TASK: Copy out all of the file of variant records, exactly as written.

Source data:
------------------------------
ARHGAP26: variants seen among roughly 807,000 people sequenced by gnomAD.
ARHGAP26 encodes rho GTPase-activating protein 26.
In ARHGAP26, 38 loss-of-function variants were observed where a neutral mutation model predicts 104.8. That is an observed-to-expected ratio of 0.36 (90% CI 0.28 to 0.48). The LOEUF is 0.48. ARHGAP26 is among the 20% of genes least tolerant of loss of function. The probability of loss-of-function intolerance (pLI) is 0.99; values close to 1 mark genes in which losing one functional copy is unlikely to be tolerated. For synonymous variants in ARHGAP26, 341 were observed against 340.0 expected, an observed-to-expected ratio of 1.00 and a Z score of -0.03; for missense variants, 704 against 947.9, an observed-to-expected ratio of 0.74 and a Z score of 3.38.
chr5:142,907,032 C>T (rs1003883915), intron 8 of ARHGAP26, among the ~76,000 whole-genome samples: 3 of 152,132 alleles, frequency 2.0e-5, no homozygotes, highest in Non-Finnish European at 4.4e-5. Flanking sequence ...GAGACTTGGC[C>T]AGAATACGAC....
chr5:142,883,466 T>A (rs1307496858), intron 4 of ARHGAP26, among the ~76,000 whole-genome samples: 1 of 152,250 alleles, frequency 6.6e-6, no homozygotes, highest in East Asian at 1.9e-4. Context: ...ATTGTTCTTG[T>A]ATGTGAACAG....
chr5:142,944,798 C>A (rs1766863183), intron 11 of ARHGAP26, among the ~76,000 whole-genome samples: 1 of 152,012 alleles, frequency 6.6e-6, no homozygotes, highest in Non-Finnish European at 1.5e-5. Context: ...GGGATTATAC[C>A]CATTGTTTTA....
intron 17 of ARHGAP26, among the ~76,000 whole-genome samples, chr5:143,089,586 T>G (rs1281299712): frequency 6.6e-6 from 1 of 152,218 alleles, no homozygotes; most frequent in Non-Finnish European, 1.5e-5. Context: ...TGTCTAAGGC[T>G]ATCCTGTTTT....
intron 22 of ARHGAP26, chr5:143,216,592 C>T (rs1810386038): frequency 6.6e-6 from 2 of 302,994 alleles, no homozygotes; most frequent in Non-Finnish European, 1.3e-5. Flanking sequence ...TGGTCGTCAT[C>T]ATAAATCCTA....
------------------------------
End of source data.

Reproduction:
ARHGAP26: variants seen among roughly 807,000 people sequenced by gnomAD.
ARHGAP26 encodes rho GTPase-activating protein 26.
In ARHGAP26, 38 loss-of-function variants were observed where a neutral mutation model predicts 104.8. That is an observed-to-expected ratio of 0.36 (90% CI 0.28 to 0.48). The LOEUF is 0.48. ARHGAP26 is among the 20% of genes least tolerant of loss of function. The probability of loss-of-function intolerance (pLI) is 0.99; values close to 1 mark genes in which losing one functional copy is unlikely to be tolerated. For synonymous variants in ARHGAP26, 341 were observed against 340.0 expected, an observed-to-expected ratio of 1.00 and a Z score of -0.03; for missense variants, 704 against 947.9, an observed-to-expected ratio of 0.74 and a Z score of 3.38.
chr5:142,907,032 C>T (rs1003883915), intron 8 of ARHGAP26, among the ~76,000 whole-genome samples: 3 of 152,132 alleles, frequency 2.0e-5, no homozygotes, highest in Non-Finnish European at 4.4e-5. Flanking sequence ...GAGACTTGGC[C>T]AGAATACGAC....
chr5:142,883,466 T>A (rs1307496858), intron 4 of ARHGAP26, among the ~76,000 whole-genome samples: 1 of 152,250 alleles, frequency 6.6e-6, no homozygotes, highest in East Asian at 1.9e-4. Context: ...ATTGTTCTTG[T>A]ATGTGAACAG....
chr5:142,944,798 C>A (rs1766863183), intron 11 of ARHGAP26, among the ~76,000 whole-genome samples: 1 of 152,012 alleles, frequency 6.6e-6, no homozygotes, highest in Non-Finnish European at 1.5e-5. Context: ...GGGATTATAC[C>A]CATTGTTTTA....
intron 17 of ARHGAP26, among the ~76,000 whole-genome samples, chr5:143,089,586 T>G (rs1281299712): frequency 6.6e-6 from 1 of 152,218 alleles, no homozygotes; most frequent in Non-Finnish European, 1.5e-5. Context: ...TGTCTAAGGC[T>G]ATCCTGTTTT....
intron 22 of ARHGAP26, chr5:143,216,592 C>T (rs1810386038): frequency 6.6e-6 from 2 of 302,994 alleles, no homozygotes; most frequent in Non-Finnish European, 1.3e-5. Flanking sequence ...TGGTCGTCAT[C>T]ATAAATCCTA....